How does it work?

Scholars always keep lists – in one form or another. Whether it's a bibliographic list, using tools like Zotero, or lists of places, or authors, our ultimate aim is to either put them in an order, and / or outline and interpret the connections between them. NanoHistory can't and won't do any interpreting, but it can help organize those connections much better by allowing users to organize how items on those lists we all have are interlinked with one another.

Even a bibliography is a network – it has authors and editors, places of publication and production, and the items themselves, along with the publishers. Right off the bat, we can add those to NanoHistory and see what kinds of works authors and presses produce.

But NanoHistory allows you to document people, places, and things independently of one another, and assign interactions to them. This means you can upload a list of people, say readers of a particular work, or a list of places, or organizations. Want to build a readership network? Simply note that someone read a specific book, or group of works. Want to documenting a print network in a specific place? Simply note who printed and published which works, and the organizations which produced them. And add business owners and apprentices to the organization. What about time? Each interaction or event can be temporally limited – saying that it started at a specific moment, and ended at another. This allows for NanoHistory to build flexible representations of cultural networks over time – reflecting how such networks are in a constant state of flux at every given moment.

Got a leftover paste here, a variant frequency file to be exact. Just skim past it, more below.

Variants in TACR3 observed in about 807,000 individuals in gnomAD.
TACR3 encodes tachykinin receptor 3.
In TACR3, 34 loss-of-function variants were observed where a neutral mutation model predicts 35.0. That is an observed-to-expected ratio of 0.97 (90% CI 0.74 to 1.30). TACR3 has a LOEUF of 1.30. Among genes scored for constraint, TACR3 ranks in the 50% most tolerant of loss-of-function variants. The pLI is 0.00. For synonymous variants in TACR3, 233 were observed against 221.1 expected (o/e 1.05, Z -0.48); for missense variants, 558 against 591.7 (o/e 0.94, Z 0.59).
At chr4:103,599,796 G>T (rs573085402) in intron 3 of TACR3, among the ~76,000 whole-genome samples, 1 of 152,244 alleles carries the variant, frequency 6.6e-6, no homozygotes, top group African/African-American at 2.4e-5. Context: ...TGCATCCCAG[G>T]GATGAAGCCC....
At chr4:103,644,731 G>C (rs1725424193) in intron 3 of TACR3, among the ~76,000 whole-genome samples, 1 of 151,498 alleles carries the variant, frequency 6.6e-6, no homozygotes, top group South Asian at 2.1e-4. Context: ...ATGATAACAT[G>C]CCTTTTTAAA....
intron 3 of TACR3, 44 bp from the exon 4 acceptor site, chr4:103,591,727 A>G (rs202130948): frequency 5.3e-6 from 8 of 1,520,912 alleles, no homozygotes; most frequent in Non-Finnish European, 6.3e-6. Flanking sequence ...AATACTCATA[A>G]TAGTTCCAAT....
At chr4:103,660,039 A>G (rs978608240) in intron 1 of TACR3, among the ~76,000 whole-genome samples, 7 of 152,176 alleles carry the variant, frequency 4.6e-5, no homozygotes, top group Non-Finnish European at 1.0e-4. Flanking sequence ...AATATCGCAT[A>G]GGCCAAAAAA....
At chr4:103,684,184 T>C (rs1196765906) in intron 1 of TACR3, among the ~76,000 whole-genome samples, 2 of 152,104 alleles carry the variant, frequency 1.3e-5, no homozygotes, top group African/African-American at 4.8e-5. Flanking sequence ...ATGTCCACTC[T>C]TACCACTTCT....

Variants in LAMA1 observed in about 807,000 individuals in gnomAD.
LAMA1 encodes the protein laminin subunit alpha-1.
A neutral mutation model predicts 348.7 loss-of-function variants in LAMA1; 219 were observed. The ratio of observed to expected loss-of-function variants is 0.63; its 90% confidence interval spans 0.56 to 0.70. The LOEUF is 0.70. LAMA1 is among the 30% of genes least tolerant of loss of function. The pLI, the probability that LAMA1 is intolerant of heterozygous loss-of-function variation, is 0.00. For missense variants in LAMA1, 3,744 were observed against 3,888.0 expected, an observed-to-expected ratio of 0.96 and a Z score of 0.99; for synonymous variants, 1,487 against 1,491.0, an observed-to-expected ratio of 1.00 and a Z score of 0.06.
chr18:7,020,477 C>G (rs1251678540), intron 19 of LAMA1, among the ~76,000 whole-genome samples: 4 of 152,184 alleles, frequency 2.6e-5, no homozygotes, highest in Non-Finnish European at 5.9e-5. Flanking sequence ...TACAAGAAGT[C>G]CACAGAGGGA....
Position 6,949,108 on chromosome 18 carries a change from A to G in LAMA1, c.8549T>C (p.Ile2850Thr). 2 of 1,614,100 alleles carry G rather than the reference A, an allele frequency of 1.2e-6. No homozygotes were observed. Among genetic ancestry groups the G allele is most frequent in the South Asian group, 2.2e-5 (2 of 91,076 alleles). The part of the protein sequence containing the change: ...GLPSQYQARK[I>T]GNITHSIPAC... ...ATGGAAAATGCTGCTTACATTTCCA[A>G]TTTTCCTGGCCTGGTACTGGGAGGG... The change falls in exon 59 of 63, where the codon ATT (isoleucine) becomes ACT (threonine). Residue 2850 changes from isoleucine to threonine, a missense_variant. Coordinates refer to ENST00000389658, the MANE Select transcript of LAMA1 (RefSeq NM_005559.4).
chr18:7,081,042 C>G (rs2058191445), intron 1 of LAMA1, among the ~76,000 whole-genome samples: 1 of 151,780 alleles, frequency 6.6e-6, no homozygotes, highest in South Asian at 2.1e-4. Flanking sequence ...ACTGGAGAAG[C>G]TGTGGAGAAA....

Interested in the Networked Event Model? You can learn about what entities we track, and what verbs and the vocabulary we've created to track the events that make up our networked view of the past.

What can I do?